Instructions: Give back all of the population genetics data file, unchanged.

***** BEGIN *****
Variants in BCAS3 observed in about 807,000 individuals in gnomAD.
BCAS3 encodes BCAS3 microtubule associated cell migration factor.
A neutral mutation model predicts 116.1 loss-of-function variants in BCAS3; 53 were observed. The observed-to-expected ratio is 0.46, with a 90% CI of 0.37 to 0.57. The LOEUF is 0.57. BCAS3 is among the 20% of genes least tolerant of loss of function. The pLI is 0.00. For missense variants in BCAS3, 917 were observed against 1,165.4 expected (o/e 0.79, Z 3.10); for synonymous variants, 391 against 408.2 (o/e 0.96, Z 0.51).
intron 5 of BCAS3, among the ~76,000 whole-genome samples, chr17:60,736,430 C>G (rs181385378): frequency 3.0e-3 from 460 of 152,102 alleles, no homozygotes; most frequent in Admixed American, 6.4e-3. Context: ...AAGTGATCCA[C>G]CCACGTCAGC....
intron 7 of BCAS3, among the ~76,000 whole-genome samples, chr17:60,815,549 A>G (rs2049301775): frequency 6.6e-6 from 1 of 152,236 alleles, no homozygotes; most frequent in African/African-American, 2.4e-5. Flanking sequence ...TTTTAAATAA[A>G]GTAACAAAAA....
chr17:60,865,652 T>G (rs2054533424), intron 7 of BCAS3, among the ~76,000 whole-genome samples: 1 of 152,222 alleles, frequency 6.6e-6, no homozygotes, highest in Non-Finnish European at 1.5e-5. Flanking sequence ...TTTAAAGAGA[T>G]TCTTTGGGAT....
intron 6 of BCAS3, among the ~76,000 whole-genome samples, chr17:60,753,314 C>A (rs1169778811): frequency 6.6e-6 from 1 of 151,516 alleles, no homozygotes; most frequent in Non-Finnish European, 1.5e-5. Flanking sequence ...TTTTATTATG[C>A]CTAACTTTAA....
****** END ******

Variants in BCAS3 observed in about 807,000 individuals in gnomAD.
BCAS3 encodes BCAS3 microtubule associated cell migration factor.
A neutral mutation model predicts 116.1 loss-of-function variants in BCAS3; 53 were observed. The observed-to-expected ratio is 0.46, with a 90% CI of 0.37 to 0.57. The LOEUF is 0.57. BCAS3 is among the 20% of genes least tolerant of loss of function. The pLI is 0.00. For missense variants in BCAS3, 917 were observed against 1,165.4 expected (o/e 0.79, Z 3.10); for synonymous variants, 391 against 408.2 (o/e 0.96, Z 0.51).
intron 5 of BCAS3, among the ~76,000 whole-genome samples, chr17:60,736,430 C>G (rs181385378): frequency 3.0e-3 from 460 of 152,102 alleles, no homozygotes; most frequent in Admixed American, 6.4e-3. Context: ...AAGTGATCCA[C>G]CCACGTCAGC....
intron 7 of BCAS3, among the ~76,000 whole-genome samples, chr17:60,815,549 A>G (rs2049301775): frequency 6.6e-6 from 1 of 152,236 alleles, no homozygotes; most frequent in African/African-American, 2.4e-5. Flanking sequence ...TTTTAAATAA[A>G]GTAACAAAAA....
chr17:60,865,652 T>G (rs2054533424), intron 7 of BCAS3, among the ~76,000 whole-genome samples: 1 of 152,222 alleles, frequency 6.6e-6, no homozygotes, highest in Non-Finnish European at 1.5e-5. Flanking sequence ...TTTAAAGAGA[T>G]TCTTTGGGAT....
intron 6 of BCAS3, among the ~76,000 whole-genome samples, chr17:60,753,314 C>A (rs1169778811): frequency 6.6e-6 from 1 of 151,516 alleles, no homozygotes; most frequent in Non-Finnish European, 1.5e-5. Flanking sequence ...TTTTATTATG[C>A]CTAACTTTAA....